By Jim Harrison
Writer Jim Harrison has gained overseas popularity of his masterful physique of labor, together with Returning to Earth, Legends of the Fall and over thirty books of fiction, nonfiction, and poetry. In his most unique paintings thus far, Harrison gives you a charming, witty and expertly-crafted novel following one man’s hunt for an elusive cult chief, dubbed “The nice Leader.”
On the verge of retirement, Detective Sunderson starts off to enquire a hedonistic cult, which has arrange camp close to his domestic in Michigan’s top Peninsula. in the beginning, the self-declared nice chief turns out in basic terms a risk free oddball, yet as Sunderson and his sixteen-year-old sidekick dig deeper, they locate him extra clever and sinister than they learned. lately divorced and regularly pickled in alcohol, Sunderson tracks his quarry from the woods of Michigan to a city in Arizona, full of legal border-crossers, and directly to Nebraska, the place the good Leader’s most modern recruits have accumulated to glorify his questionable faith. yet Sunderson’s demons also are in pursuit of him.
Rich with personality and humor, The nice chief is right away a gripping expedition via America’s landscapes and the poignant tale of a guy grappling with age, misplaced love and his personal darker nature.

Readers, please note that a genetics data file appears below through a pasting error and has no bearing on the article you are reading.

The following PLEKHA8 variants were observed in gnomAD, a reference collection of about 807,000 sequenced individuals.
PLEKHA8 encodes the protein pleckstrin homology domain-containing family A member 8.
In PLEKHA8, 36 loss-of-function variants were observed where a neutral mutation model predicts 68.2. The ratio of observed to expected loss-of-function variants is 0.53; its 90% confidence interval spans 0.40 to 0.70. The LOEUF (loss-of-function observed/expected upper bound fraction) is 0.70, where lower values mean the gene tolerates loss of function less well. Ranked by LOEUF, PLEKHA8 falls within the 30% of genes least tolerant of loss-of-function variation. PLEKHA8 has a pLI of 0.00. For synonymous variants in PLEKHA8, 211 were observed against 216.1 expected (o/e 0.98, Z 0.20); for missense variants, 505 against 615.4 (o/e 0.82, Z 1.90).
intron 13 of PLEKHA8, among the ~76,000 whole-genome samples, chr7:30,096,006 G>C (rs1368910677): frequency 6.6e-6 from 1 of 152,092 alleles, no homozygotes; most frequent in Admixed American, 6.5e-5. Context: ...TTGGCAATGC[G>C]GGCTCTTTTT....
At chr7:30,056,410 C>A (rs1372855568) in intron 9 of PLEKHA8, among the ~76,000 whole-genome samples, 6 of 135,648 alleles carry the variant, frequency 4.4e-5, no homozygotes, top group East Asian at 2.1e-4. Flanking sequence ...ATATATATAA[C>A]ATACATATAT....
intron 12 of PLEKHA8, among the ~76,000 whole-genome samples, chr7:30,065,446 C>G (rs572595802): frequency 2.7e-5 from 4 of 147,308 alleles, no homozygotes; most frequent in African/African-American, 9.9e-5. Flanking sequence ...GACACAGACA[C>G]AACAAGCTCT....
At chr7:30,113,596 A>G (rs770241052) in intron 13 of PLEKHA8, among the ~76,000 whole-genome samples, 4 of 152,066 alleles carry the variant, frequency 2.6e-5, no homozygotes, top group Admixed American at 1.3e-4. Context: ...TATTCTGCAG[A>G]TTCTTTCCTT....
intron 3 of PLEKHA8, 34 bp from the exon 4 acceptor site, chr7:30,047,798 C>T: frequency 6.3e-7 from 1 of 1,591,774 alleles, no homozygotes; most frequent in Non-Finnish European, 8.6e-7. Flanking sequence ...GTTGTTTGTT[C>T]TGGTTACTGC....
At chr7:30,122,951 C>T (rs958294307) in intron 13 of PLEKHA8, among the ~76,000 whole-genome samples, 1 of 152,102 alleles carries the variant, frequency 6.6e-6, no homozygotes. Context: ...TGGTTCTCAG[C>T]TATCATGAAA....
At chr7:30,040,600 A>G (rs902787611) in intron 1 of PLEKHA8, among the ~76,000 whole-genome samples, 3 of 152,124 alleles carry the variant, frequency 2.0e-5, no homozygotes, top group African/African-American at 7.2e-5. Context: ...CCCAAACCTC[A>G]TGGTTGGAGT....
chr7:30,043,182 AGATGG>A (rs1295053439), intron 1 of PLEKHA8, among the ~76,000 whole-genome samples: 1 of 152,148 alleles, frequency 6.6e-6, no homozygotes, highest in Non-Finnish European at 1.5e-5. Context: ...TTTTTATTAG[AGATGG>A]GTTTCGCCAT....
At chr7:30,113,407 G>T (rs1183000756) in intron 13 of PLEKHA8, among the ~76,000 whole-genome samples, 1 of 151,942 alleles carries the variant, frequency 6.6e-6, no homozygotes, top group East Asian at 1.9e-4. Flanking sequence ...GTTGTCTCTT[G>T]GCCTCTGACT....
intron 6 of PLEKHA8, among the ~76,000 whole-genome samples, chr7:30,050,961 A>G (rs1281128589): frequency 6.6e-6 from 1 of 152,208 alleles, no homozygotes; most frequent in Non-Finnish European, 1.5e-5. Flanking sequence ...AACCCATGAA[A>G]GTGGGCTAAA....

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Additional info for The Great Leader
Neumeyer, Juvenile Delinquency in Modern Society, Second Edition, New York: Van Nostrand, 1955, p. 152 ; James F. , "Differential Association as a Hypothesis: Problems of Empirical Testing", Social Problems,8 (Summer, 1960), pp. 14-25; Trice, op. ; S. Kirson Weinberg, "Theories of Criminality and Problems of Prediction", Journal ofCriminal Law and Criminology, 45 (November-December, 1954), pp. 412--429. 21 See the statement on p. 19, above. 22 Op. , p. 182. "23 Such statements are not so much errors in interpretation of the differential association statement as they are errors regarding the role of theory, hypotheses and facts in scientific research.
10 A further complication in this regard arises because some crimes become known to the police only if a victim complains, while other offences become known by direct observation on the part of the police. Cases of drunken driving, for example, usually get into police records only if observed by a policeman, while cases of burglary usually become known to the police as a result of a report by the victim. The ratio of offences committed to offences known probably is greater for those offences that get into police records only when observed by the police than for those which get into the reports as a result of complaints by victims.
63--65. 36 INTRODUCTION TO THE THEORY and sometimes as "forgery," making it impossible to get a close estimate of the amount of variation in time of anyone of these offences. 12 Fifth, when comparisons are made, the mere number of crimes known to the police is not sufficient. What is needed is statements of rates-the number of crimes in proportion to the number of population or in proportion to some other base. But determination of this base is sometimes almost as difficult as determination of the crime ratio itself.